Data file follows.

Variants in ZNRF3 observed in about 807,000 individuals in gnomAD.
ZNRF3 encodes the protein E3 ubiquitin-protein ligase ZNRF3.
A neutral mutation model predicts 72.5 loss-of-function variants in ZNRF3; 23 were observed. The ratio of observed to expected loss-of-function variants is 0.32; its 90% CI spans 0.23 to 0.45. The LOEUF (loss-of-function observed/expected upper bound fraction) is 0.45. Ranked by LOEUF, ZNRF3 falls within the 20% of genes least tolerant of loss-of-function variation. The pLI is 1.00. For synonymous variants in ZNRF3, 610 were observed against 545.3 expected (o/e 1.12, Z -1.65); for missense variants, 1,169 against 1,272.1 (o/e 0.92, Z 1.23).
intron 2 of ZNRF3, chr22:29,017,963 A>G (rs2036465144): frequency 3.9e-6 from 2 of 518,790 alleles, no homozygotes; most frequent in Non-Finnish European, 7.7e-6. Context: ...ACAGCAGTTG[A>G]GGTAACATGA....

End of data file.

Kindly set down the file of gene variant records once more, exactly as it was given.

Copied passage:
Variants in ZNRF3 observed in about 807,000 individuals in gnomAD.
ZNRF3 encodes the protein E3 ubiquitin-protein ligase ZNRF3.
A neutral mutation model predicts 72.5 loss-of-function variants in ZNRF3; 23 were observed. The ratio of observed to expected loss-of-function variants is 0.32; its 90% CI spans 0.23 to 0.45. The LOEUF (loss-of-function observed/expected upper bound fraction) is 0.45. Ranked by LOEUF, ZNRF3 falls within the 20% of genes least tolerant of loss-of-function variation. The pLI is 1.00. For synonymous variants in ZNRF3, 610 were observed against 545.3 expected (o/e 1.12, Z -1.65); for missense variants, 1,169 against 1,272.1 (o/e 0.92, Z 1.23).
intron 2 of ZNRF3, chr22:29,017,963 A>G (rs2036465144): frequency 3.9e-6 from 2 of 518,790 alleles, no homozygotes; most frequent in Non-Finnish European, 7.7e-6. Context: ...ACAGCAGTTG[A>G]GGTAACATGA....